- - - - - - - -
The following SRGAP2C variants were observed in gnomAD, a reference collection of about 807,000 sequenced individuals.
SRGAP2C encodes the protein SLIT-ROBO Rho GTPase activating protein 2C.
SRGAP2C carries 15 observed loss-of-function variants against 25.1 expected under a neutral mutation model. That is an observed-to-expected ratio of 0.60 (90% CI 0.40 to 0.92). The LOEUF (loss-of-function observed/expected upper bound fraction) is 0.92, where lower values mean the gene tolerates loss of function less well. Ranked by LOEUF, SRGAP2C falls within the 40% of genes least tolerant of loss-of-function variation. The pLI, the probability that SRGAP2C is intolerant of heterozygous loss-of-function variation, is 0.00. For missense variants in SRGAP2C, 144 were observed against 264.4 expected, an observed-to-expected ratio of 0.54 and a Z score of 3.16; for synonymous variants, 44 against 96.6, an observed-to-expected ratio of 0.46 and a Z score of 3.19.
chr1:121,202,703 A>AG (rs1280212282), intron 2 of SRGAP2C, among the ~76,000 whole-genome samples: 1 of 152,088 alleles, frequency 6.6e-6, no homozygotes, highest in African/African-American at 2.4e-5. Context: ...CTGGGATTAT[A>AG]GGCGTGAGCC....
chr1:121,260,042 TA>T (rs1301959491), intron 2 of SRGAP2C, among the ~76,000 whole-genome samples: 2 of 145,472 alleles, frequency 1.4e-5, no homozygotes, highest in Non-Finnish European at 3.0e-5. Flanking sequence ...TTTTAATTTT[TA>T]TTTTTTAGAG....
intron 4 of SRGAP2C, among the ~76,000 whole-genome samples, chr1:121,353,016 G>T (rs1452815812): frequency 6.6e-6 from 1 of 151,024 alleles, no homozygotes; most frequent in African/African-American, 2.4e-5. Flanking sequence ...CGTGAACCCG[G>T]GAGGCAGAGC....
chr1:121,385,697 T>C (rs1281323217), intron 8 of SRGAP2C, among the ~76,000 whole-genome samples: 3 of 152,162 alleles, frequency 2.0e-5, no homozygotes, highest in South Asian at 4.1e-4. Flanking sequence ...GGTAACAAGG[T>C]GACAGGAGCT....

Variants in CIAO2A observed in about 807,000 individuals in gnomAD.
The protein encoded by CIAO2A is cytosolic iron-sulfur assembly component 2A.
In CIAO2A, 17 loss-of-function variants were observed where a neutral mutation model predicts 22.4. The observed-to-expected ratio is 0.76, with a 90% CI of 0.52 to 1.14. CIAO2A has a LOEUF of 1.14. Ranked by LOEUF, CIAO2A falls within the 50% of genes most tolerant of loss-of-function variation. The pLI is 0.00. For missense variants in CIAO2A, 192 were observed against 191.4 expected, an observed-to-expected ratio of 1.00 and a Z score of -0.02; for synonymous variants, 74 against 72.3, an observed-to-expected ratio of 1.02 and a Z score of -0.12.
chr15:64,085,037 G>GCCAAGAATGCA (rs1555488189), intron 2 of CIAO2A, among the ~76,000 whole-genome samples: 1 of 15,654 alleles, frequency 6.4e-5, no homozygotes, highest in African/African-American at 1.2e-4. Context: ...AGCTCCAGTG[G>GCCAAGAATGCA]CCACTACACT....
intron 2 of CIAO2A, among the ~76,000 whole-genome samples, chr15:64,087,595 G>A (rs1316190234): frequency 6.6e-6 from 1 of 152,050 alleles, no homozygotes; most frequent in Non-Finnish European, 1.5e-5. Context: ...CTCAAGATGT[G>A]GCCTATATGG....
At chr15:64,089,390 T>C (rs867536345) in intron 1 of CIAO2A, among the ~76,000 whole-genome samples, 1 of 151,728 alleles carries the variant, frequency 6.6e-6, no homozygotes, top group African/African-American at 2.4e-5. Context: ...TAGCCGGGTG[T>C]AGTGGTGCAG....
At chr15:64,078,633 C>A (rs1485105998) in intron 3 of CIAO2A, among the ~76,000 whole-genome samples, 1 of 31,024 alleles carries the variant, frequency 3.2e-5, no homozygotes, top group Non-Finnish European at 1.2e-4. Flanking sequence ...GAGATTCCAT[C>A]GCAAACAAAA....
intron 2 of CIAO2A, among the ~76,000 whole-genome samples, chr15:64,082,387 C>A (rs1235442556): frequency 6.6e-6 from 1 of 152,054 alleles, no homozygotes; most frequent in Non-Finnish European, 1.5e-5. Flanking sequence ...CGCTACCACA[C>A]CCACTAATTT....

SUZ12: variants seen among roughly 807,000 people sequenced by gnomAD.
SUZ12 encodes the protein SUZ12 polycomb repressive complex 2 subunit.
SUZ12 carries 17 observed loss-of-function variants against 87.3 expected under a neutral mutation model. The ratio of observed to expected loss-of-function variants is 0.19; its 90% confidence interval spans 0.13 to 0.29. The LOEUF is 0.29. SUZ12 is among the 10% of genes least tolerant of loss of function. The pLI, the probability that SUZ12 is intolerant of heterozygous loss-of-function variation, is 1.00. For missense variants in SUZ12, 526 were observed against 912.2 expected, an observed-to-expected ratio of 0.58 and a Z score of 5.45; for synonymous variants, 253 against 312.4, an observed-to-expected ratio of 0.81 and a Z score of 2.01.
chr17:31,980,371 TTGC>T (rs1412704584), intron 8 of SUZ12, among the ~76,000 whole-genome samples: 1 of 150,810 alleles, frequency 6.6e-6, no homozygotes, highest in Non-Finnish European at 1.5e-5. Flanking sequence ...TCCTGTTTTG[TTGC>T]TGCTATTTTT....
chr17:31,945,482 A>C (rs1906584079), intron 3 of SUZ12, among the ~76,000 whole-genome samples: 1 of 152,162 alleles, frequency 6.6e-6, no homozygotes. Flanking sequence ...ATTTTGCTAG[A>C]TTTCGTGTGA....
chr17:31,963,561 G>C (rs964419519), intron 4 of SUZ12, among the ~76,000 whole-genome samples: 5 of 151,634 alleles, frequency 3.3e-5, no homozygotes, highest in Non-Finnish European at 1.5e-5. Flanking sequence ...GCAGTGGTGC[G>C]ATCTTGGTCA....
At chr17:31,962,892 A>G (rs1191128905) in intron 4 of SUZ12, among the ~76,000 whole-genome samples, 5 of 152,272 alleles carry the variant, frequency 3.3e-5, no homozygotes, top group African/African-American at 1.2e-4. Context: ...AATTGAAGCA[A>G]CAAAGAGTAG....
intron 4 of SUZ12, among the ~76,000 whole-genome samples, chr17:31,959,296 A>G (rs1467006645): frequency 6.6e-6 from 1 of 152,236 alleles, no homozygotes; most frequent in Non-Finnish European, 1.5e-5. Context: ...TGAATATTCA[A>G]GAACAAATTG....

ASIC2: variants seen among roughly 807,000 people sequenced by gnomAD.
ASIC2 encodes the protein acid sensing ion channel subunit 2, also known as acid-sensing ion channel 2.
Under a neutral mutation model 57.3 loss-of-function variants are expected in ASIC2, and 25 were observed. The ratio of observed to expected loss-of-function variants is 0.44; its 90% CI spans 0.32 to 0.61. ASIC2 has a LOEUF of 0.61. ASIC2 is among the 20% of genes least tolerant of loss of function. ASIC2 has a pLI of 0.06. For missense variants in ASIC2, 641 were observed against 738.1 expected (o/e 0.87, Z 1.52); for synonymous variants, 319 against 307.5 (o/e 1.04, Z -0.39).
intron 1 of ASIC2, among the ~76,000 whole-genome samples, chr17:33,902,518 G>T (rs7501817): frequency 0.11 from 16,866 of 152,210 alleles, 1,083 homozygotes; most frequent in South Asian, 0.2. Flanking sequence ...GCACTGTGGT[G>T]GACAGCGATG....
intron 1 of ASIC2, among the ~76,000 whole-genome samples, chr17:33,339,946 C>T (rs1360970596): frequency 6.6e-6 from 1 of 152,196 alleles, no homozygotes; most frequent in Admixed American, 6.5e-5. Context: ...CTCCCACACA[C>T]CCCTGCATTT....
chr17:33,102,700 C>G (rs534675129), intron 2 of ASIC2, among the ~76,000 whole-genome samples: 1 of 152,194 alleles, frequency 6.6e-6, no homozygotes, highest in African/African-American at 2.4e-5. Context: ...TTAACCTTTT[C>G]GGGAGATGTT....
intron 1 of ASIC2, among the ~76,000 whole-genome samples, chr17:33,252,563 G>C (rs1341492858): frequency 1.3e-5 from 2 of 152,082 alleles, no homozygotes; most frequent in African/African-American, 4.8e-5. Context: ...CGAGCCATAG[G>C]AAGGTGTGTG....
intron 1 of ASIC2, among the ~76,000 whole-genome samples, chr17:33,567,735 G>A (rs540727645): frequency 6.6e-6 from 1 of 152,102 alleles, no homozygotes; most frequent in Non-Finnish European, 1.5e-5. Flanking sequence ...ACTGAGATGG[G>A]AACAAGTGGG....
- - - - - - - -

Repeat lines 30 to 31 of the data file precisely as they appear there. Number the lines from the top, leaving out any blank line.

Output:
intron 1 of ASIC2, among the ~76,000 whole-genome samples, chr17:33,252,563 G>C (rs1341492858): frequency 1.3e-5 from 2 of 152,082 alleles, no homozygotes; most frequent in African/African-American, 4.8e-5. Context: ...CGAGCCATAG[G>C]AAGGTGTGTG....
intron 1 of ASIC2, among the ~76,000 whole-genome samples, chr17:33,567,735 G>A (rs540727645): frequency 6.6e-6 from 1 of 152,102 alleles, no homozygotes; most frequent in Non-Finnish European, 1.5e-5. Flanking sequence ...ACTGAGATGG[G>A]AACAAGTGGG....